Shearwater

For those slackers who missed 2006's dazzling fourth album by Shearwater, Matador are here to save your bacon with a pimped-up re-release consisting of 2 discs and new deluxe packaging featuring some stunning artwork. Palo Santo is the bands first album where Jonathan Meiburg assumes full vocal duties and the result is a grander, more rounded sound that sees them rise like a phoenix from the thick melancholy that engulfed their earlier work. This isn't to suggest that this isn't melancholy. The record is inspired by the life of Warhol muse Nico so it isn't going to be a bag of laughs but while they keep to the icy chill that has become their trademark Palo Santo serves up many moments of awesome grandeur only hinted at on previous records.

Formed in 2001 by Meiburg and Will Sheff, Shearwater was meant to be a vehicle for the quieter songs penned by the two musicians while working on their principle collaboration, Okkervile River. But after the addition of new multi-instrumentalists Shearwater soon grew way beyond initial intentions and Palo Santo is their crowning glory.

La Dame Et La Licorne opens the album and actually mirrors the career of this band quite nicely. It creeps into view with Meiburg's frail, quivering voice barely audible but gradually swells to thumping piano and howling declarations. And this sets us up for Red Sea, Black Sea, one of the albums many highlights. This takes no time to pound with all its heart on the galloping rhythm that dominates this song. It's these moments of real muscle that make this record pull away from the bands back catalogue and race forward with renewed energy and confidence. Seen again in White Waves' gritty electric guitar and Seventy Four, Seventy Five's pounding piano. Having said that, there's still plenty of room for the feather-light delicacy of the title track and the achingly beautiful Failed Queen where hollow landscapes are created with sparse acoustic guitar and the frail musings of Meiburg.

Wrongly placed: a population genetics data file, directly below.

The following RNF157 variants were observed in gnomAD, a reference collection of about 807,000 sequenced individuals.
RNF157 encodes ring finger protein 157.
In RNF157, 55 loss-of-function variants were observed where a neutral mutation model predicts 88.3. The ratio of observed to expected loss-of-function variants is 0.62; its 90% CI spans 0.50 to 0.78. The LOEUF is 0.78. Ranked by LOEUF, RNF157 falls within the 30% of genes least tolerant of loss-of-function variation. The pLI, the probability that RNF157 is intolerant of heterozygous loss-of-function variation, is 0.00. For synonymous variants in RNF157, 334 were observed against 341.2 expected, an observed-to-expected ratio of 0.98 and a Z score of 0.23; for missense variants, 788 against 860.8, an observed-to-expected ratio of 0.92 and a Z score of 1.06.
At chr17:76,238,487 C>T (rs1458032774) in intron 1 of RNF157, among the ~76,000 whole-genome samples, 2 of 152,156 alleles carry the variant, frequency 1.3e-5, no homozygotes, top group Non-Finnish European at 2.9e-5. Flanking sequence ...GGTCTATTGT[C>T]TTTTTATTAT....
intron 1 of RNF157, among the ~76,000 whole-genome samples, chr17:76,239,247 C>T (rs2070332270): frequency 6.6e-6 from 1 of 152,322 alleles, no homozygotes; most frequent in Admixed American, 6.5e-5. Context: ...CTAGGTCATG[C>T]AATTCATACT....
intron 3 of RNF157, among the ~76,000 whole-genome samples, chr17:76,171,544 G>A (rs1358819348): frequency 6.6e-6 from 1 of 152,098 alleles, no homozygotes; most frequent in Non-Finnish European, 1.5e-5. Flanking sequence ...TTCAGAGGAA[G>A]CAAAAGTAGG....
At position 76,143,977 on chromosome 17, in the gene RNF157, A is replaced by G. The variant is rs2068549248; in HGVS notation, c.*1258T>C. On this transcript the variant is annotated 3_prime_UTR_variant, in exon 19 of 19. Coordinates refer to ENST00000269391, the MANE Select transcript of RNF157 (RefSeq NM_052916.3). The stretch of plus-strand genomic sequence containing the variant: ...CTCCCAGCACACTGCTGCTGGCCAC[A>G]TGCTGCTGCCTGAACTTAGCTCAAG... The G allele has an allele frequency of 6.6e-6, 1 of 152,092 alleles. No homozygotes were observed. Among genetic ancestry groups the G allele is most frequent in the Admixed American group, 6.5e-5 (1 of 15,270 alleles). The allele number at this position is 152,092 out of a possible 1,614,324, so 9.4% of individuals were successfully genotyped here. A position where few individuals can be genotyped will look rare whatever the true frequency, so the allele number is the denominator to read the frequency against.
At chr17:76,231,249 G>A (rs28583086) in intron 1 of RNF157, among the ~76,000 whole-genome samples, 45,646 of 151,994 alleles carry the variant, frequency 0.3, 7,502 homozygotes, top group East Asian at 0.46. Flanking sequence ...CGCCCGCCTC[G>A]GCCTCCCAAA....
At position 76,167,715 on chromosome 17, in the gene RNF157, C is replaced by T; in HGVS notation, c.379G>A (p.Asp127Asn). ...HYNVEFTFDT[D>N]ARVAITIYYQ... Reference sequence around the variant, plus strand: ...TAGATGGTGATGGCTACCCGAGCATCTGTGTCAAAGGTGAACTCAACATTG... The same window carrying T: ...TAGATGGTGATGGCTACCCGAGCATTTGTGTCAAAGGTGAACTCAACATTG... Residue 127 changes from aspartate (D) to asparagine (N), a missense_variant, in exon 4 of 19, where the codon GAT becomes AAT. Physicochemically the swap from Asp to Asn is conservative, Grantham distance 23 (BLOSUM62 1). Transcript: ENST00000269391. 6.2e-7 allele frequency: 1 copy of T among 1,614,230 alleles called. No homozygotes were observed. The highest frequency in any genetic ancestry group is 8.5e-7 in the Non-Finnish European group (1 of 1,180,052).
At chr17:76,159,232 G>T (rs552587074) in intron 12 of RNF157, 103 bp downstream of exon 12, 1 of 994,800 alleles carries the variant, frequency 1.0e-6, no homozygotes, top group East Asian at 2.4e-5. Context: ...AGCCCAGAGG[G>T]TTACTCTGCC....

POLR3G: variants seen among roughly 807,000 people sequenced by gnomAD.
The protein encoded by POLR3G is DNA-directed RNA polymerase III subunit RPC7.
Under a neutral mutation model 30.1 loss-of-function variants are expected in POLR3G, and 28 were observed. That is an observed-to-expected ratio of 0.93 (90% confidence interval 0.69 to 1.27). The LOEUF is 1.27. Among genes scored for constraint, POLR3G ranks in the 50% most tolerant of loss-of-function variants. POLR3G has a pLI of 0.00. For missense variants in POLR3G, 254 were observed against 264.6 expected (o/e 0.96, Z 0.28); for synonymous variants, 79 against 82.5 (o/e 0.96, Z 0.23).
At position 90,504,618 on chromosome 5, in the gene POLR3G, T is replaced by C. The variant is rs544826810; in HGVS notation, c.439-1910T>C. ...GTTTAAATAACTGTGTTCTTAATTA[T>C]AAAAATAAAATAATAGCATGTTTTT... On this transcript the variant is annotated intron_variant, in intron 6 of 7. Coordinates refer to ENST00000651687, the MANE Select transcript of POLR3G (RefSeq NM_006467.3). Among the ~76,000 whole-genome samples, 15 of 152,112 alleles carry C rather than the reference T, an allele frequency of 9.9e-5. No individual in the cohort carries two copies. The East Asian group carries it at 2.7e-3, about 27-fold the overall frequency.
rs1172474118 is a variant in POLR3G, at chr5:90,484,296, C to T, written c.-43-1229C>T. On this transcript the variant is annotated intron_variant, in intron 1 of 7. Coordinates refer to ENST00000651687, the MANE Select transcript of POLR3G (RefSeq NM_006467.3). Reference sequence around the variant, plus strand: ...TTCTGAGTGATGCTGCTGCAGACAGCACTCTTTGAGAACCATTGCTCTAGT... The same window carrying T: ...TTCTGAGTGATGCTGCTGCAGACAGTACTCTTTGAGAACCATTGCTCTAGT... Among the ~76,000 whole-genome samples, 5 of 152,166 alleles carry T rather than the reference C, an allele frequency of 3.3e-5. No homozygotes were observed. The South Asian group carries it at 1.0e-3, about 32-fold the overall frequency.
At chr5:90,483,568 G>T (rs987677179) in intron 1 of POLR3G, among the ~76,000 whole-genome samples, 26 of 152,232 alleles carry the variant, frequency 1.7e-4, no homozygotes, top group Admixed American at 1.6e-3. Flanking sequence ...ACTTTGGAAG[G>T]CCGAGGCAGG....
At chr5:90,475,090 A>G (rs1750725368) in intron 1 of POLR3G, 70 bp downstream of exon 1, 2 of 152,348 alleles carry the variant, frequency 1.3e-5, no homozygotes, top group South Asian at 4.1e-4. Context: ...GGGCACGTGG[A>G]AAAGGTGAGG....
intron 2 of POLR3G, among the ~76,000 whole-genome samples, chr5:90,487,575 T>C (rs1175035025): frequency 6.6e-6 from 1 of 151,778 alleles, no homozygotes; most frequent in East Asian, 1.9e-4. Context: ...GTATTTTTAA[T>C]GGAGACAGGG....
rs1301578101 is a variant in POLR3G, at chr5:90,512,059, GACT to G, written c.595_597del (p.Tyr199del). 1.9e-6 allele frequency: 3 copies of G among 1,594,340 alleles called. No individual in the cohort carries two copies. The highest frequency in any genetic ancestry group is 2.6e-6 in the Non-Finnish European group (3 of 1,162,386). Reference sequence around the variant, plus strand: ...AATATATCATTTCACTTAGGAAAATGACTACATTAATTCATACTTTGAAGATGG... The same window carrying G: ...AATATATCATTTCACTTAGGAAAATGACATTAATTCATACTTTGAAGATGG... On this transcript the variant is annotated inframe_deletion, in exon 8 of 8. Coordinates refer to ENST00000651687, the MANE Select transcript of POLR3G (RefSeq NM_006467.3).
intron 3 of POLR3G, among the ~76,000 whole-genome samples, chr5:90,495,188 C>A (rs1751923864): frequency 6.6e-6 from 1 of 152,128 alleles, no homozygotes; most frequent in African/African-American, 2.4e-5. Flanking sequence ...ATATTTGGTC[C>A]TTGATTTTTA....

This element is explored in more depth on the second disc where we get demo versions of four of the original tracks. These are drastically stripped down renditions showing the extent to which this vocalist can vary his delivery. Having seen the heat of this voice on the first CD we now get the drifting whisper like a feint trail of smoke from a newly extinguished flame. There are also 4 new songs on this bonus disc including a cover of Skip James' Special Rider Blues.

This is an expansive album from a band who started from humble beginnings but are now evolving into a great rock outfit. Shearwater have always fitted into a tradition of songwriting that seems to capture the great American landscape in all its sparse, lonely beauty but with Palo Santo they have started to evoke the power and strength of this landscape and this refurbishment only serves to enhance that.